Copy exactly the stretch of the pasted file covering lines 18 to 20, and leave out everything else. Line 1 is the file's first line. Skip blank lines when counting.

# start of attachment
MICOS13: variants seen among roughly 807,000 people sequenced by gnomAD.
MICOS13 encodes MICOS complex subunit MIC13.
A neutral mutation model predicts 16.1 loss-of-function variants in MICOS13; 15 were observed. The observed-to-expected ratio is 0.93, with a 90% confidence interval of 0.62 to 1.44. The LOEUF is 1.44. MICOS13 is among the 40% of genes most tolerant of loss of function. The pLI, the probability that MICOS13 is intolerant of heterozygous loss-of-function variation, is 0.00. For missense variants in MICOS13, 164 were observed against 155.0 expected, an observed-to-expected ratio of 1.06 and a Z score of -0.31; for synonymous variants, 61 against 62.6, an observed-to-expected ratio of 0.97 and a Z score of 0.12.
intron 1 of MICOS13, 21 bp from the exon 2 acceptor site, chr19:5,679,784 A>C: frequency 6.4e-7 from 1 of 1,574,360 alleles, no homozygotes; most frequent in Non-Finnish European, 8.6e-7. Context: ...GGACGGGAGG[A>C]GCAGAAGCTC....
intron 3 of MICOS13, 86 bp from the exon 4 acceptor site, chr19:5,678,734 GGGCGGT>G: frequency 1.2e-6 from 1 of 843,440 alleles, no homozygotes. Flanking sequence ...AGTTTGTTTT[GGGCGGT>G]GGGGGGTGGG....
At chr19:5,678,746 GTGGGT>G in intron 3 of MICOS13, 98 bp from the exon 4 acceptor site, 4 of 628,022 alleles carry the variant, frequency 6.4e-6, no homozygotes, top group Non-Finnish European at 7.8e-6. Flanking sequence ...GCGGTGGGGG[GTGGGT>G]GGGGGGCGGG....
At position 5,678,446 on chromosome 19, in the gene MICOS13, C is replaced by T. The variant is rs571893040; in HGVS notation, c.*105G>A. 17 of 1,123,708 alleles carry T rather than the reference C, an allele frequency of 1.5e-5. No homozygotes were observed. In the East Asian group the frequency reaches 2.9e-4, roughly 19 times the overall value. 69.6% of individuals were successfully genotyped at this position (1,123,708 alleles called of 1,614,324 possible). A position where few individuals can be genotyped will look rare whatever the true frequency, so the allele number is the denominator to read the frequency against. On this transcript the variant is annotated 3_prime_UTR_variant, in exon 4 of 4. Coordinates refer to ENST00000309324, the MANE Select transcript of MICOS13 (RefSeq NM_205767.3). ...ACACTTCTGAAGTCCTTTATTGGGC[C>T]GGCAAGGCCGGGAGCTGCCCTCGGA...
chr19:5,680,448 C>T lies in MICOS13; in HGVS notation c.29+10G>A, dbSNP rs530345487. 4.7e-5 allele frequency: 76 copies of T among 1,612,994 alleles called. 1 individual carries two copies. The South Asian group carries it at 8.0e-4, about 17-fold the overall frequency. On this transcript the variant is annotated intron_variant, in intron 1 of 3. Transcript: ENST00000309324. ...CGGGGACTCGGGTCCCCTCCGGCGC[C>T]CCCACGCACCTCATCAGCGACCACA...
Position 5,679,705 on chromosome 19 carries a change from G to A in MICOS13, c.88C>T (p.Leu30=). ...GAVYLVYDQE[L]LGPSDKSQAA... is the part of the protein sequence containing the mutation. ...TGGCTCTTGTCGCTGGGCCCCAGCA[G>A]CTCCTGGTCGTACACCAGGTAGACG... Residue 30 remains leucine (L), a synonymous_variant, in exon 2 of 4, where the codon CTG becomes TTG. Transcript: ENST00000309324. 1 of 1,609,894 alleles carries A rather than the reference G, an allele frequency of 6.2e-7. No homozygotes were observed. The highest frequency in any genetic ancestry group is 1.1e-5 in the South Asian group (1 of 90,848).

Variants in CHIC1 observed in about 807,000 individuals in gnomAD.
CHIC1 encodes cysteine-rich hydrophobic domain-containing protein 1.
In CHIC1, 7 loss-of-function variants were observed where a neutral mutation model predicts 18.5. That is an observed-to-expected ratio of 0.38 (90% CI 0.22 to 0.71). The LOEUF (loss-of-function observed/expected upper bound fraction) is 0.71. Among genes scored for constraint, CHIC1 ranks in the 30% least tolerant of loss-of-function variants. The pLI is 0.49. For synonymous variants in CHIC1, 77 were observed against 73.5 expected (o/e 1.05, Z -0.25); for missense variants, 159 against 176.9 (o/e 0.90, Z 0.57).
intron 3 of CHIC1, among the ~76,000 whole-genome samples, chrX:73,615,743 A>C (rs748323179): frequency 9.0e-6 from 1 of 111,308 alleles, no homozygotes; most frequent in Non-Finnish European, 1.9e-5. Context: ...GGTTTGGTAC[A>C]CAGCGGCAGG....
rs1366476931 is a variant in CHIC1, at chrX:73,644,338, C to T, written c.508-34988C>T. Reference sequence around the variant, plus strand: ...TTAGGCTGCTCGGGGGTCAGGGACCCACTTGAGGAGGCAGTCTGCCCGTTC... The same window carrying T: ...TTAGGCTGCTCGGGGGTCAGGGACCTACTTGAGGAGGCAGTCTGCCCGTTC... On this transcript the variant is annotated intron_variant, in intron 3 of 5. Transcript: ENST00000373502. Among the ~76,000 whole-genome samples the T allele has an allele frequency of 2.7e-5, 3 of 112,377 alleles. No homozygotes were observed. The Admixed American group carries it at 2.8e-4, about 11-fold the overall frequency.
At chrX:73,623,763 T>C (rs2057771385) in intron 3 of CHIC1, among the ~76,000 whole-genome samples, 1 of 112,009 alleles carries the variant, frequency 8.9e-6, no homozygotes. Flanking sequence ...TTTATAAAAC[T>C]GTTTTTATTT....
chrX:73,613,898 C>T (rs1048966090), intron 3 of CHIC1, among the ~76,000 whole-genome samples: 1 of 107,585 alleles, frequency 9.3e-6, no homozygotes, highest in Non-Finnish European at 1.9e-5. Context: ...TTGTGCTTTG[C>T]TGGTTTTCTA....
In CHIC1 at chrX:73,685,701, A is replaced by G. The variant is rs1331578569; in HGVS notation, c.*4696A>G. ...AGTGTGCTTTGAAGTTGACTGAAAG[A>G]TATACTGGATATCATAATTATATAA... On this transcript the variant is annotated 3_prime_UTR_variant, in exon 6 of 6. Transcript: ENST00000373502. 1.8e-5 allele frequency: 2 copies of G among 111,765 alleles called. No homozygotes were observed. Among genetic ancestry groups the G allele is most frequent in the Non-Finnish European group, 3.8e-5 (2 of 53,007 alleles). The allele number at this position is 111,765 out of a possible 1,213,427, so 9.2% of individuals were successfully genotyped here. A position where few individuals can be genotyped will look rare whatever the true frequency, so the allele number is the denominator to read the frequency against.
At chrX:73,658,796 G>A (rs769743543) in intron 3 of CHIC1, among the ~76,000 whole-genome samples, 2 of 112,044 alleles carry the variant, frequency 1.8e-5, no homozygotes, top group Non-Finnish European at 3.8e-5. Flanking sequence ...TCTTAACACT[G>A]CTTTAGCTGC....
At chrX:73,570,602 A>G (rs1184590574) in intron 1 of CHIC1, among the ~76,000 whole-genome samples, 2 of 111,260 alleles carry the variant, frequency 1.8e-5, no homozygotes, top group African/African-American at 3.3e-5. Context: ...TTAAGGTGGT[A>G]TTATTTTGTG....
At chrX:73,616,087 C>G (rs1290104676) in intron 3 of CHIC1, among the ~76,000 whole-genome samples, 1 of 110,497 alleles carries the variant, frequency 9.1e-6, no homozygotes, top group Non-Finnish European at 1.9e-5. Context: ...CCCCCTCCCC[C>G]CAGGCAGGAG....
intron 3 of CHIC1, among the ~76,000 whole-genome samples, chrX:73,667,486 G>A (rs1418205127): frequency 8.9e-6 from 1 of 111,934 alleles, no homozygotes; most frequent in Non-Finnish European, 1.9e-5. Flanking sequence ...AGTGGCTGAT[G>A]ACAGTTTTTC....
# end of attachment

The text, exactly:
At chrX:73,658,796 G>A (rs769743543) in intron 3 of CHIC1, among the ~76,000 whole-genome samples, 2 of 112,044 alleles carry the variant, frequency 1.8e-5, no homozygotes, top group Non-Finnish European at 3.8e-5. Flanking sequence ...TCTTAACACT[G>A]CTTTAGCTGC....
At chrX:73,570,602 A>G (rs1184590574) in intron 1 of CHIC1, among the ~76,000 whole-genome samples, 2 of 111,260 alleles carry the variant, frequency 1.8e-5, no homozygotes, top group African/African-American at 3.3e-5. Context: ...TTAAGGTGGT[A>G]TTATTTTGTG....
At chrX:73,616,087 C>G (rs1290104676) in intron 3 of CHIC1, among the ~76,000 whole-genome samples, 1 of 110,497 alleles carries the variant, frequency 9.1e-6, no homozygotes, top group Non-Finnish European at 1.9e-5. Context: ...CCCCCTCCCC[C>G]CAGGCAGGAG....